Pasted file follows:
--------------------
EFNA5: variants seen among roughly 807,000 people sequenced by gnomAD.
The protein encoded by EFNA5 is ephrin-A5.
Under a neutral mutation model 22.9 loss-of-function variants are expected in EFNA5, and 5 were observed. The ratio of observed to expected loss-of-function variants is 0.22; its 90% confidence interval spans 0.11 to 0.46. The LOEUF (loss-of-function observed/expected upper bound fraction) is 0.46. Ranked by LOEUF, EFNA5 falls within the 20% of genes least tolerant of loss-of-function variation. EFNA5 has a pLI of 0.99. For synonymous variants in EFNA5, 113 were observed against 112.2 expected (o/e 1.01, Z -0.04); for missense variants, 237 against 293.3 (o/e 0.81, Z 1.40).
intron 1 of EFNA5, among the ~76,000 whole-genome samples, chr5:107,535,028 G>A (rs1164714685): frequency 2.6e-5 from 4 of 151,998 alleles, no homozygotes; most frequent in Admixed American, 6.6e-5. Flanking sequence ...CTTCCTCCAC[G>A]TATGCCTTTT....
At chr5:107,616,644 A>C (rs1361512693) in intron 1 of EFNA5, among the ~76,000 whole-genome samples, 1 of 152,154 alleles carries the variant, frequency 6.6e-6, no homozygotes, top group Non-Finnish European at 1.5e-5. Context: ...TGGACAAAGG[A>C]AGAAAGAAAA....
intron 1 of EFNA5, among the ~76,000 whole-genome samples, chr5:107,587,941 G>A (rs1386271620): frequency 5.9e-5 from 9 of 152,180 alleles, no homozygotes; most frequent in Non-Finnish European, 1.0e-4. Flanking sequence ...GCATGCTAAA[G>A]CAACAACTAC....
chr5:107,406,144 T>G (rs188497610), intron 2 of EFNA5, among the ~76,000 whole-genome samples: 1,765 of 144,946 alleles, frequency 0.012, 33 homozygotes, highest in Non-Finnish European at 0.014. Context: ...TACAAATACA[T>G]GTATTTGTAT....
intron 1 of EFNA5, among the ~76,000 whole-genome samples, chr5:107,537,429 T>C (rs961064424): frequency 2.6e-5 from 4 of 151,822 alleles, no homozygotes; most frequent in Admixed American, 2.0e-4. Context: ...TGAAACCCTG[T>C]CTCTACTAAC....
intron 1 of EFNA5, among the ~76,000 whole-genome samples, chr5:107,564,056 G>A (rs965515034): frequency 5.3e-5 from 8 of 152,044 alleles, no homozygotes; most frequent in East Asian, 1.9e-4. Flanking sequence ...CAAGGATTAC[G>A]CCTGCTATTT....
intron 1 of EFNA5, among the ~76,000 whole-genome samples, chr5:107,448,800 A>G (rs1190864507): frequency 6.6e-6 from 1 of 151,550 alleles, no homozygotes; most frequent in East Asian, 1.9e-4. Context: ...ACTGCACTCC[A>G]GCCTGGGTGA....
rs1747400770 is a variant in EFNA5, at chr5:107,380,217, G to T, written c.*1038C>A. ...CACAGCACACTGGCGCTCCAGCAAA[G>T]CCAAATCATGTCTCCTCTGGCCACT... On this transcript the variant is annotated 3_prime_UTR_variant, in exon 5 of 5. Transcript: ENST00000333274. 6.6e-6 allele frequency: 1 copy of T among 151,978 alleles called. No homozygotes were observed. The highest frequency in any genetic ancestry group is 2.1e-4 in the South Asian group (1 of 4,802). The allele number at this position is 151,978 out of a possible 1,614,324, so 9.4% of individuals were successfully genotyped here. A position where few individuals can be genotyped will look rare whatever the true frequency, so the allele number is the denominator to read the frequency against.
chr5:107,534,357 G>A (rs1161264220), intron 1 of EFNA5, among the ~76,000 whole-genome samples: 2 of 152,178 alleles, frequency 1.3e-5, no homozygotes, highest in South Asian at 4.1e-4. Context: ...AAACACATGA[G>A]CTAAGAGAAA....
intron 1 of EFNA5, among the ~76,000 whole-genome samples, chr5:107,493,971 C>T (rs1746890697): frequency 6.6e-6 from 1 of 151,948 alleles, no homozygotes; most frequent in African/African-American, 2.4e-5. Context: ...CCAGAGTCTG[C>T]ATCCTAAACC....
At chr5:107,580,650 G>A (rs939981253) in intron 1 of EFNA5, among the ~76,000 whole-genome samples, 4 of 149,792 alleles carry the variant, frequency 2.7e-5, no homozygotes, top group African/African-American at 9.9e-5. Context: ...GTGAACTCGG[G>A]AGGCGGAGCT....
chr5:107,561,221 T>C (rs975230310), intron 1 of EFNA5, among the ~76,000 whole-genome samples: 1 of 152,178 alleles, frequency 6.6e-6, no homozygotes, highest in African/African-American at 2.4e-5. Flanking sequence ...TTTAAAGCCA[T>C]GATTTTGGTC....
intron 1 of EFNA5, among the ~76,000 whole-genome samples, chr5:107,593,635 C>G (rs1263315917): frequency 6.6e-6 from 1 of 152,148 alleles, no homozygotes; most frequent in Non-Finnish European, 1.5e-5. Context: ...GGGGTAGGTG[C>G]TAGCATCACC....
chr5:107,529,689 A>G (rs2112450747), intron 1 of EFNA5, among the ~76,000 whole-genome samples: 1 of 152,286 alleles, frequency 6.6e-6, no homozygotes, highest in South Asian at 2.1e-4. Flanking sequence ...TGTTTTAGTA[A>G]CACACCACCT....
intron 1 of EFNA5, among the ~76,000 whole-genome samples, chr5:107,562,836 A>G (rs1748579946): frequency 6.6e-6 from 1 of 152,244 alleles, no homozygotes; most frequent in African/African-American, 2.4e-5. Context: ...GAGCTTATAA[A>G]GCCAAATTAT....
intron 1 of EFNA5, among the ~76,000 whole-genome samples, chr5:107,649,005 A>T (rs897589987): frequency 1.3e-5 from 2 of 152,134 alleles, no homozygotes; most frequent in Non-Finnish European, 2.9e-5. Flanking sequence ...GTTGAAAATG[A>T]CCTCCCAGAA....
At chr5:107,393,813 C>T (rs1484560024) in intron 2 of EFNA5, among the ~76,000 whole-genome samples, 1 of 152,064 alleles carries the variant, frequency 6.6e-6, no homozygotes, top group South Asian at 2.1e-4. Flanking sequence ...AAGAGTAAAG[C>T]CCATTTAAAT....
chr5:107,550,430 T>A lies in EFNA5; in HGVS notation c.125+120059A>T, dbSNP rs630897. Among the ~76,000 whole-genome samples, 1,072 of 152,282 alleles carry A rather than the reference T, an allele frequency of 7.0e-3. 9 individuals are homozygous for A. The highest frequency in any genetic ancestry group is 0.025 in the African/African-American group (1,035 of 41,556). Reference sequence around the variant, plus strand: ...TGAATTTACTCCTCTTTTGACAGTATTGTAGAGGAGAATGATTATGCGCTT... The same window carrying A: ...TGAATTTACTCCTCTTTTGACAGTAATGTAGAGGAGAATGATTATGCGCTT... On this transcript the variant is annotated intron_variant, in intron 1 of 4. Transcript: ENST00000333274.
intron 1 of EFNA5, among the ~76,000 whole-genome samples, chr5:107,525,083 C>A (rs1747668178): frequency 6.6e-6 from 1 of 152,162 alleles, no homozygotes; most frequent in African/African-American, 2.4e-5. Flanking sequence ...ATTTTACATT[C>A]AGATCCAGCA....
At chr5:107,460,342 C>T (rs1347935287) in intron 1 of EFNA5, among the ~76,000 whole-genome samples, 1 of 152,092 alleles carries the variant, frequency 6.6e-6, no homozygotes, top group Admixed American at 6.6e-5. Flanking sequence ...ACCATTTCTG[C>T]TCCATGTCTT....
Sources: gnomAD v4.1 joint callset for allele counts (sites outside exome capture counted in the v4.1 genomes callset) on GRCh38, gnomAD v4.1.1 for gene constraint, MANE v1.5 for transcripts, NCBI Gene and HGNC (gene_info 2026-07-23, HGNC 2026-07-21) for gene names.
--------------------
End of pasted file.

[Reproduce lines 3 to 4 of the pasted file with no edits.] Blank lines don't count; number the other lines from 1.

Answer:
Under a neutral mutation model 22.9 loss-of-function variants are expected in EFNA5, and 5 were observed. The ratio of observed to expected loss-of-function variants is 0.22; its 90% confidence interval spans 0.11 to 0.46. The LOEUF (loss-of-function observed/expected upper bound fraction) is 0.46. Ranked by LOEUF, EFNA5 falls within the 20% of genes least tolerant of loss-of-function variation. EFNA5 has a pLI of 0.99. For synonymous variants in EFNA5, 113 were observed against 112.2 expected (o/e 1.01, Z -0.04); for missense variants, 237 against 293.3 (o/e 0.81, Z 1.40).
intron 1 of EFNA5, among the ~76,000 whole-genome samples, chr5:107,535,028 G>A (rs1164714685): frequency 2.6e-5 from 4 of 151,998 alleles, no homozygotes; most frequent in Admixed American, 6.6e-5. Flanking sequence ...CTTCCTCCAC[G>A]TATGCCTTTT....